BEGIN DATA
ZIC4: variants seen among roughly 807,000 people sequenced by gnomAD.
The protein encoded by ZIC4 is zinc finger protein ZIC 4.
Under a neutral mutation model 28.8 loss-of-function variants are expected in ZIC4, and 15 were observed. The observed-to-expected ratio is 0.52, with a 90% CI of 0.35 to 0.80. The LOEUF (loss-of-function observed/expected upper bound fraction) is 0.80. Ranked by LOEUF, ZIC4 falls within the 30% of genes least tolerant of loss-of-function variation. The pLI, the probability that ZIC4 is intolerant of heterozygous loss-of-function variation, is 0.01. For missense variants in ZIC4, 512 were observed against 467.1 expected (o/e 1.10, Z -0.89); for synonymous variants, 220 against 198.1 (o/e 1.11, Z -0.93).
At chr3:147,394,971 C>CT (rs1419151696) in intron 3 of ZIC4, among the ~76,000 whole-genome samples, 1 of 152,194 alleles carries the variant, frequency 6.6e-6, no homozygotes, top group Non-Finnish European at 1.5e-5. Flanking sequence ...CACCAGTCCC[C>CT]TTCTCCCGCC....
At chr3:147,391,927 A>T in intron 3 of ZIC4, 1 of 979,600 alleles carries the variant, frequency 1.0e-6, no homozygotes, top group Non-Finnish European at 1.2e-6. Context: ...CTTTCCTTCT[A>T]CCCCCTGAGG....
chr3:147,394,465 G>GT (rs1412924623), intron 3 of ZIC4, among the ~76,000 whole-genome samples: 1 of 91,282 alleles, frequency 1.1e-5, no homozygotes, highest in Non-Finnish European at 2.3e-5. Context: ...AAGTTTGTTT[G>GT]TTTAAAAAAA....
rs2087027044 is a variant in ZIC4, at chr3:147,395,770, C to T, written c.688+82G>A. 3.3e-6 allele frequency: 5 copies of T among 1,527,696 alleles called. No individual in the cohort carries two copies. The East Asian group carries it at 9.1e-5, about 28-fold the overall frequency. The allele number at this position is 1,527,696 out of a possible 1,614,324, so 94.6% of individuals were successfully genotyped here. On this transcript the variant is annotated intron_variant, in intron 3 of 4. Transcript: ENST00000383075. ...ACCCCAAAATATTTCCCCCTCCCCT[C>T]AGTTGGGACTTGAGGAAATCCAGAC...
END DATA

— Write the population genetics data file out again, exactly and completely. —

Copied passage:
ZIC4: variants seen among roughly 807,000 people sequenced by gnomAD.
The protein encoded by ZIC4 is zinc finger protein ZIC 4.
Under a neutral mutation model 28.8 loss-of-function variants are expected in ZIC4, and 15 were observed. The observed-to-expected ratio is 0.52, with a 90% CI of 0.35 to 0.80. The LOEUF (loss-of-function observed/expected upper bound fraction) is 0.80. Ranked by LOEUF, ZIC4 falls within the 30% of genes least tolerant of loss-of-function variation. The pLI, the probability that ZIC4 is intolerant of heterozygous loss-of-function variation, is 0.01. For missense variants in ZIC4, 512 were observed against 467.1 expected (o/e 1.10, Z -0.89); for synonymous variants, 220 against 198.1 (o/e 1.11, Z -0.93).
At chr3:147,394,971 C>CT (rs1419151696) in intron 3 of ZIC4, among the ~76,000 whole-genome samples, 1 of 152,194 alleles carries the variant, frequency 6.6e-6, no homozygotes, top group Non-Finnish European at 1.5e-5. Flanking sequence ...CACCAGTCCC[C>CT]TTCTCCCGCC....
At chr3:147,391,927 A>T in intron 3 of ZIC4, 1 of 979,600 alleles carries the variant, frequency 1.0e-6, no homozygotes, top group Non-Finnish European at 1.2e-6. Context: ...CTTTCCTTCT[A>T]CCCCCTGAGG....
chr3:147,394,465 G>GT (rs1412924623), intron 3 of ZIC4, among the ~76,000 whole-genome samples: 1 of 91,282 alleles, frequency 1.1e-5, no homozygotes, highest in Non-Finnish European at 2.3e-5. Context: ...AAGTTTGTTT[G>GT]TTTAAAAAAA....
rs2087027044 is a variant in ZIC4, at chr3:147,395,770, C to T, written c.688+82G>A. 3.3e-6 allele frequency: 5 copies of T among 1,527,696 alleles called. No individual in the cohort carries two copies. The East Asian group carries it at 9.1e-5, about 28-fold the overall frequency. The allele number at this position is 1,527,696 out of a possible 1,614,324, so 94.6% of individuals were successfully genotyped here. On this transcript the variant is annotated intron_variant, in intron 3 of 4. Transcript: ENST00000383075. ...ACCCCAAAATATTTCCCCCTCCCCT[C>T]AGTTGGGACTTGAGGAAATCCAGAC...